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Scarce, High Grade 1909-D Ten Dollar, MS66
1909-D $10 MS66 PCGS. Ex: O'Neal. Breen-7109. The 1909-D is
one of the scarcer issues among early ten dollar Indians, and is
much more challenging than its mintage of 121,540 pieces would seem
to indicate. David Akers contends in A Handbook of 20th-Century
United States Gold Coins that it is one of the most underrated
issues in the series, and is actually one of the rarest in an
absolute sense. "Even in MS60 this issue is very rare and in MS63
or MS64 condition, it can be located only with great difficulty,"
Ex: Morse, O'Neal
In Gem and better condition the 1909-D is extremely rare. PCGS and NGC combined have certified only eight examples in MS65. Another eight coins have earned the Premium Gem level of preservation, and a mere three pieces are classified as MS67. Neither service has certified any specimen finer. Moreover, our records indicate that the '09-D in these higher Mint State grades has appeared in major auction sales fewer than 20 times within the past 15 to 20 years.
In his May 1998 catalog of the Thaine Price Collection, Akers writes that a number of 1909-D ten dollar coins that were not previously known to the numismatic community have come onto the market in recent years. He goes on to say that most of these are of minimal Uncirculated quality, with only a few even reaching the Choice level.
Walter Breen, in his 1988 Encyclopedia of U.S. and Colonial Coins, identifies two variants of the D mintmark on the 1909. The first variety has a broad D opposite the arrow points, and parallel with the upright of the T in TEN. The second variety has the mintmark below the arrow points. Breen says this was an intentional change in position to give a less cramped effect. According to Breen, the first variety is scarcer in Uncirculated grades than is the second variety.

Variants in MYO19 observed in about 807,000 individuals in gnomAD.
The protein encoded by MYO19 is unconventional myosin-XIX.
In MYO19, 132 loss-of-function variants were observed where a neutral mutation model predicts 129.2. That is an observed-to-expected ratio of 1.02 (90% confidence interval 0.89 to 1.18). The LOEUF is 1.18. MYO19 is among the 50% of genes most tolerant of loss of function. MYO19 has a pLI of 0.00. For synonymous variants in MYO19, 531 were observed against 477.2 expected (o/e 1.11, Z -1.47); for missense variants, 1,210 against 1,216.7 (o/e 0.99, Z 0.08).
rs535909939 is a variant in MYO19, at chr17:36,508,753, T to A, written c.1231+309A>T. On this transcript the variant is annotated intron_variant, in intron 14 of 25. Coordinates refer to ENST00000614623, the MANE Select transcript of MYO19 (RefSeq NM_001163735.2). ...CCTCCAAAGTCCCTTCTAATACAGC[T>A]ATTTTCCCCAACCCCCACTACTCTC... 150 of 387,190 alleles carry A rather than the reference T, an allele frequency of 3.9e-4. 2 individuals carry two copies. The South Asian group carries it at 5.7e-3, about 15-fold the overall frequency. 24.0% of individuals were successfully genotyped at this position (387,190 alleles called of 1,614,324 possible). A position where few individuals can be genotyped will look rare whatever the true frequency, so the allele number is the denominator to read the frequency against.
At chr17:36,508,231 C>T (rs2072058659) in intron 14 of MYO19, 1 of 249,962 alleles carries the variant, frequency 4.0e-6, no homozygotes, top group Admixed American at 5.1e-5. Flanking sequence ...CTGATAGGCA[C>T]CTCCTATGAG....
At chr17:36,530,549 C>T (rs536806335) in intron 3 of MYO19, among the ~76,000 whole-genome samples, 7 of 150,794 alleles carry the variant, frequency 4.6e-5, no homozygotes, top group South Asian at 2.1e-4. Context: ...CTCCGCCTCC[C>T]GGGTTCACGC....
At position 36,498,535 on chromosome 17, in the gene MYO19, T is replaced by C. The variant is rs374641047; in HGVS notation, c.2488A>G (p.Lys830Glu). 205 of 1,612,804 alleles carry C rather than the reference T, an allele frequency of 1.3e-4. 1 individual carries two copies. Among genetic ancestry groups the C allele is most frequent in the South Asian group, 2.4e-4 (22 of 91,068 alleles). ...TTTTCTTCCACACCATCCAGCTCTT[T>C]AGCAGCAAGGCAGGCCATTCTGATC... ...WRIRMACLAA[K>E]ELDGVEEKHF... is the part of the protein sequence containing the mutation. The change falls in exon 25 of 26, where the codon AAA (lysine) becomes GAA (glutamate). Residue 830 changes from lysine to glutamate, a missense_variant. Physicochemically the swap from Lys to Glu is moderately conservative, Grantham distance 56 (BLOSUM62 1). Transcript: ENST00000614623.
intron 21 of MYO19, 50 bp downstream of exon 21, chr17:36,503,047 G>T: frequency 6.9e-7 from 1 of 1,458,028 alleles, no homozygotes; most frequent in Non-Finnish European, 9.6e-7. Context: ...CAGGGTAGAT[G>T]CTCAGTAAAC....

The current MS66 coin has a satiny appearance, and yields pleasing glowing luster and evenly distributed honey-gold color. The design elements are sharply impressed, with resultant excellent definition in the feathers on the headdress and on the eagle. The mintmark is located opposite the arrow points and is broad, confirming the Breen-7109 variety. The surfaces on both sides are well preserved, and display just a couple of minute marks on the Indian's cheek, and another in the right (facing) reverse field. A small planchet void is located below and to the right of IN GOD WE TRUST, and will serve, along with the previously mentioned unobtrusive contact marks, as a pedigree identifier. Population: 5 in 66, 2 finer (11/09).
Ex: Phillip H. Morse Collection of Saint-Gaudens Coinage (Heritage Auction Galleries, 11/2005), lot 6506; The Jim O'Neal Collection of Saint-Gaudens Eagles (Heritage, 1/2009), lot 3509.(Registry values: N10218) (NGC ID# 28GN, PCGS# 8863)
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Revised Edition by James L. Halperin, Mark R. Borckardt, Mark Van Winkle, Jon Amato, and Gregory J. Rohan, with special contributor David W. Akers
The Coinage of Augustus Saint-Gaudens is an issue-by-issue examination of these two artistically inspired series of gold coins.
Each date and mintmark is reviewed with up-to-date information, much of which has never been previously published. The book is based on
two extraordinary collections: The Phillip H. Morse collection and the Dr. and Mrs. Steven L. Duckor collection.
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